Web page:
Here's a quick quiz for all you students wondering what line of work to go into: What specific occupation presents the best ratio of dollars earned to actual time spent in the workplace?
Answer: Being a starting pitcher for the San Diego Padres, affectionately known as "The Bombed Squad."
An ode to The Bombed Squad: Whitson and Show/Thurmond and Lollar/Soon as they start/Give the bullpen a holler.
These guys have about as much staying power as an ice cream cone in a microwave. They get pulled sooner than a fire alarm in an Irwin Allen disaster movie. They have been here and gone quicker than "Glitter."
Not to put too fine a point on it, but these guys are brutal. They go out there to throw as hard as they can for as long as they can. And then, about 15 minutes later, they do what they do best -- take a shower. They're like mermen, too much time on dry land and they wither away. They spend more time toweling off than John Thompson. They're not out there long enough to need to ice down their arms after they come out of the game; they just put a cold can of soda on those babies and get ready for the next game.
Through four games of this World Series they have given up about a zillion runs in less time than it takes to recite the alphabet. After Friday night's game, Dick Williams, the Padres' manager, said this about his starters: "Our entire starting pitching in the postseason has been very, very bad." Not just very bad, mind you, but very, very bad. What could he say after today, when Eric Show -- obviously an abbreviated version of "shower," his home away from home -- made it all the way into the third inning before getting yanked? That it's very, very worse?
As a group, the starters have worked a total of 10 innings in four games and sport a collective World Series earned run average of 11.70. There are players in the NBA who could make $1 million a year for scoring that high. Memo to the Padres' starters: When the ERA gets to 15, sell.
Show was today's designated target. Going into the game his postseason ERA, after two starts against the Cubs in the playoffs, was a mere 13.59. After giving up three earned runs in less than three innings, he actually lowered it to 12.38. That's the good news. The bad news is, by giving up two home runs to Alan Trammell, Show has now served up seven postseason homers in eight innings pitched. "He doesn't usually give up home runs like this," Williams said after the game. Outside of slo-pitch softball, who does? It's probably poetic justice that Show pitches for Team McDonalds. His uniform should read: "Homers. Billions and billions served."
In the bullpen before the game Show was warming up with a catcher and a coach pretending to be a batter. The coach, though, didn't actually have a bat in his hands. If he had, he might have hit Show's pitches so far that NASA couldn't track them. How could you blame Williams if when he removed Show from the game he wished him all the best next year -- wherever it is that Show ends up.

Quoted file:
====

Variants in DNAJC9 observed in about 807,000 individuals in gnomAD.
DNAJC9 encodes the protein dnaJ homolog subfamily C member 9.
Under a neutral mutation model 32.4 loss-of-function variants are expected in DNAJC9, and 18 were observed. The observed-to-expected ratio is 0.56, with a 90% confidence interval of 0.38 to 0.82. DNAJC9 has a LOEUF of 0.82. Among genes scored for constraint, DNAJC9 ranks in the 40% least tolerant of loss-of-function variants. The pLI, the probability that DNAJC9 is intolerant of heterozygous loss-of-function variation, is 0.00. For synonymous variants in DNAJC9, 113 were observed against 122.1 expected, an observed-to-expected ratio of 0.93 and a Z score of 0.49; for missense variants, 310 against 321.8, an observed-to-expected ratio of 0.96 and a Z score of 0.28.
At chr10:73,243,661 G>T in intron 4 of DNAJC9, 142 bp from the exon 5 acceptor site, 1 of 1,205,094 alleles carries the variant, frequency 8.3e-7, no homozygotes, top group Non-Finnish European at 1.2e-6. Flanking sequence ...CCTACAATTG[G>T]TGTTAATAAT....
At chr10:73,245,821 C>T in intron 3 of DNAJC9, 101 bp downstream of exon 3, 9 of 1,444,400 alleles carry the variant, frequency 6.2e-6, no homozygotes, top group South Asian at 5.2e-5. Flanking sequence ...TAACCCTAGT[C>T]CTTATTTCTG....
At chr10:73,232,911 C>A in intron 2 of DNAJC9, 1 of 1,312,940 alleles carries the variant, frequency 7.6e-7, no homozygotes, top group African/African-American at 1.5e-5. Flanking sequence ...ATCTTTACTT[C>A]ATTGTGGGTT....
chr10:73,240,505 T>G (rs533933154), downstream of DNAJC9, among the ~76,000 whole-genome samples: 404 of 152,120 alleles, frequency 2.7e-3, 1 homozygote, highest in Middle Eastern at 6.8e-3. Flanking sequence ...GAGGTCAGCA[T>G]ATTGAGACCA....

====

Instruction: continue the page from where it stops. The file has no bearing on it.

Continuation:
Have you heard about the San Diego starting pitcher doll? You wind it up and the batteries go dead. But if this is a joke, the Padres aren't laughing. Mark Thurmond, who lasted an amazing five innings in Game 1, Ed Whitson, who couldn't get out of the first inning in Game 2, Tim Lollar, who threw 55 pitches and racked up four walks in less than two innings Friday night, and Show have been less than effective. How much less? Does the word "Duck!" mean anything to you?
If it wasn't for the Padres' bullpen -- 24 innings pitched, six hits and one earned run allowed for a truly remarkable 0.38 ERA -- this Series would be over. As it stands now, unless San Diego comes up with a stopper overnight, this Series has about as much chance of going back to the left coast as Billy Martin does of being elected Miss Congeniality.
Why does Sparky Anderson bother to play the percentages with a starting lineup that takes advantage of the pitching matchup? Why go lefty-righty, or righty-lefty when the Padres' starter figures to be in the game only through the first commercial? Dick Williams has made so many trips to the mound that if he was enrolled in a frequent walkers plan, he'd have enough miles for a free trip to Hawaii.
This pace surely can't continue much longer. "I know we're going back to San Diego," Williams said. "But I sure would like it if the Tigers came with us."
What are the Padres' starters thinking out there? Have they got a cab waiting somewhere with the meter running? Are they booked on a downtown sightseeing bus? Are they waiting for the surf to come up on the Detroit River? It doesn't seem to affect the relievers. The rumor is that the relievers refused to switch places with the starters -- they were afraid this thing was contagious.
The Padres are lucky that the Tigers can't score. The Tigers have left so many men on base that they're thinking of buying first and second and turning them into condominiums.
So what kind of matchup are we seeing? A team with a starting pitching corps patterned after Venus de Milo against a team with the kind of productivity that would have stopped the Industrial Revolution dead in its tracks.
Fortunately for the Tigers, they're winning. Poor Padres. Their starters have them bailing water from the get-go. The classic picture came the other night in San Diego, when the camera zeroed in on Ed Whitson after Williams pulled him midway through the first. Whitson had been strafed so badly, his Series ERA topped out at 40.50 (not celsius). Whitson was so angry he took a wad of gum from his mouth and threw it onto the dugout floor with alarming fury. The irony was, that was the best stuff he threw all night.